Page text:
Cities, counties and states nationwide are taking legal action in the battle against opioids and Hamilton County could be next in line to sue. 

Recent lawsuits claim drug distributors and manufacturers are not reporting suspicious opioids purchases or orders. Attorney Ronald "Ronnie" Berke is working to build a similar case in our area. 

The county commission agreed to work with Berke to address opioids in a meeting this week. Berke has worked with other attorney's nationwide who are also pushing for lawsuits on the issue. He says the next step is figuring out how much the epidemic is costing Hamilton County agencies. 

"This is a major crisis and it's costing the taxpayers a lot of money," said Berke. 

Berke says his fight against the opioid epidemic is personal. 

"I have a very close friend who's daughter is hooked on opioids and even rehab did not work and every phone call she's afraid to pick up the phone." 

He says drug distributors, manufacturers and drug stores are part of the problem. 

"Some of the distributors and manufacturers are located here, but they're pushing their pills here in Hamilton County," said Berke. "They can tell by their sales what they were doing. We can show where they were telling doctors about the addictive nature or what they were claiming was the non-addictive measure of opioids that they knew that I was a lie, but it was selling their drugs."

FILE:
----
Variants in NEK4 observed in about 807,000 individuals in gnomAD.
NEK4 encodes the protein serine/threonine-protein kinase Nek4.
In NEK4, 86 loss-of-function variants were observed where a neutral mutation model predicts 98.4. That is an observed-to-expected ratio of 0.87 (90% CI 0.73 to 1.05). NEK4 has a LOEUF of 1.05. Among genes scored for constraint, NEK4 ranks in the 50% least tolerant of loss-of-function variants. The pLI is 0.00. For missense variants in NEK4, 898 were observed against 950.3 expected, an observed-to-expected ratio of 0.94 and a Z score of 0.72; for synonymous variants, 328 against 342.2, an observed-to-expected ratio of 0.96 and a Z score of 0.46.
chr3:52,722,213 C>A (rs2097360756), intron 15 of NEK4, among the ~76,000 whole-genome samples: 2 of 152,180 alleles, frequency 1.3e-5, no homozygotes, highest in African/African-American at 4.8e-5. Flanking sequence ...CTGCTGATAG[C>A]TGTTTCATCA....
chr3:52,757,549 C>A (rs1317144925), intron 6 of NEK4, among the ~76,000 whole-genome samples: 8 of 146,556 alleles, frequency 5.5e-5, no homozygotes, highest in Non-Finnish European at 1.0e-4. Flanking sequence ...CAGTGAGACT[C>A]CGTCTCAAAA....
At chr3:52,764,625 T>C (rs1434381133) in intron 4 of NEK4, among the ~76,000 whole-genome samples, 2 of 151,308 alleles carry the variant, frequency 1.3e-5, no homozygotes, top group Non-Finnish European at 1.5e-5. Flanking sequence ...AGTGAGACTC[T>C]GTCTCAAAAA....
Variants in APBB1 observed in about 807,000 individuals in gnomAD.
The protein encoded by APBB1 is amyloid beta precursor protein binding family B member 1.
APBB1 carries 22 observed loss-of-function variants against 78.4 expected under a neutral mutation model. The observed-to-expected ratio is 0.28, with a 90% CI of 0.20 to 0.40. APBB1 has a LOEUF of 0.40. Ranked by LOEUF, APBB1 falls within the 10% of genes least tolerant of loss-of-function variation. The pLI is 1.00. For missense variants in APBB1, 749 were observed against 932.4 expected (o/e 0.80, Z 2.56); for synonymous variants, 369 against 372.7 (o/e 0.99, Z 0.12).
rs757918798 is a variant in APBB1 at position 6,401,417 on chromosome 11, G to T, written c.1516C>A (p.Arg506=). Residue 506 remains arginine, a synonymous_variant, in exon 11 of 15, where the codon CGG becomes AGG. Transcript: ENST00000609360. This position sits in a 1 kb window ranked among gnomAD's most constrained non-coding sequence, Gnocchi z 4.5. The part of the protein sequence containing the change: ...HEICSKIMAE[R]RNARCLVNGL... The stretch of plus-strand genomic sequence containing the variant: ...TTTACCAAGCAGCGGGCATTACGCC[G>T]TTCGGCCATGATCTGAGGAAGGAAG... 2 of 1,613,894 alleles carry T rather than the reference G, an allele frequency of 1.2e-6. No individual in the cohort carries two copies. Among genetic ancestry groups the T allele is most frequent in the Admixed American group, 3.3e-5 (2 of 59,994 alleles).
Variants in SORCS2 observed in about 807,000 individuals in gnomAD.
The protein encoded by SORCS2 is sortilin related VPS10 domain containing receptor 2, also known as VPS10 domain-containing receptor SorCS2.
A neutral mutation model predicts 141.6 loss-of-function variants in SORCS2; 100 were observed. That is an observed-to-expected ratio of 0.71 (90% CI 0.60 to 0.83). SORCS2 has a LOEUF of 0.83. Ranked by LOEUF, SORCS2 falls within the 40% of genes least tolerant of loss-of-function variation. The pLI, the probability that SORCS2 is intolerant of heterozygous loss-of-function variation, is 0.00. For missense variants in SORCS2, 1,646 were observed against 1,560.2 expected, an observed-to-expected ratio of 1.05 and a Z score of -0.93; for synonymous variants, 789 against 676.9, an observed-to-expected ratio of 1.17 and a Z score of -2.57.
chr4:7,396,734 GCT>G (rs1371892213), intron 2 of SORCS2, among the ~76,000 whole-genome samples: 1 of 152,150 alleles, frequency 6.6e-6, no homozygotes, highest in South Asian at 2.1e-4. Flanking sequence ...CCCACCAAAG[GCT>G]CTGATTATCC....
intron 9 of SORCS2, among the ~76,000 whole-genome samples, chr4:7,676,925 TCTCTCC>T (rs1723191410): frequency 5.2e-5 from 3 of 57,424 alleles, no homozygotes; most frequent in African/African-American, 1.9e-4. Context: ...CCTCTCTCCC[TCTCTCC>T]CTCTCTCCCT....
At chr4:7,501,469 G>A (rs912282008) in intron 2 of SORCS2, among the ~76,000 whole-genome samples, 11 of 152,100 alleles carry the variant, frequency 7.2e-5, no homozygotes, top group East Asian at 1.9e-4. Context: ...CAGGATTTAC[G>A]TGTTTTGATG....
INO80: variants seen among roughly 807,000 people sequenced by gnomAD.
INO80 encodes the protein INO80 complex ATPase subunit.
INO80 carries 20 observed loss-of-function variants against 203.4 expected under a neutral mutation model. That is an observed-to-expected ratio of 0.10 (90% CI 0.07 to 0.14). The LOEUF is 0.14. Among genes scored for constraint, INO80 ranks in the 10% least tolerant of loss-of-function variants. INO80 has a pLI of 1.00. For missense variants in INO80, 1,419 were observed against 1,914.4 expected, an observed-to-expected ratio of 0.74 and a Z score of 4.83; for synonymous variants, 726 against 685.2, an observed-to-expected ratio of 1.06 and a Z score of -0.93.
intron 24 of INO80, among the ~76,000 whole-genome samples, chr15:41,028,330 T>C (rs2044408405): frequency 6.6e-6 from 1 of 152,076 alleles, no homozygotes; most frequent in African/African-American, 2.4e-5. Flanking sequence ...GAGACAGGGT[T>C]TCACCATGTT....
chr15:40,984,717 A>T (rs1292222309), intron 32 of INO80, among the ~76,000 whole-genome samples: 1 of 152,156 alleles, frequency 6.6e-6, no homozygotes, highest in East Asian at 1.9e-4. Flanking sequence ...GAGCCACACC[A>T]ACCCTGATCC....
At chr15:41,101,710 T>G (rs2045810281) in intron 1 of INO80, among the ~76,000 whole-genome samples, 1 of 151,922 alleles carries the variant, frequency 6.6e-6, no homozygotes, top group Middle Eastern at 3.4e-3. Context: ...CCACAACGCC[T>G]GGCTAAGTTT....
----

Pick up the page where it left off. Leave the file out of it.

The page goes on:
A lawsuit would list which companies are committing fraud in Hamilton County. 

"We're going to have to talk to all of the different departments in the county; fire departments, sheriffs office, probation department, district attorneys office juvenile court," said Berke.

Channel 3 took a look at data Berke collected from the state Department of Health. In 2015 37 people died from an opioid overdose; that number jumped to 53 in 2016. That same year, 388,506 opioid prescriptions were given in Hamilton County.  Berke says those numbers will continue to rise.

"There are more prescriptions being written in some counties then people could conceivably take." 

Berke plans to avoid a class action suit in order to stay in control of damages and potential settlements. He says he will to go before the commission again in a few months to get more feedback on new information. He  says if the lawsuit is approved, it could take a few years for a resolution in at the state or federal level.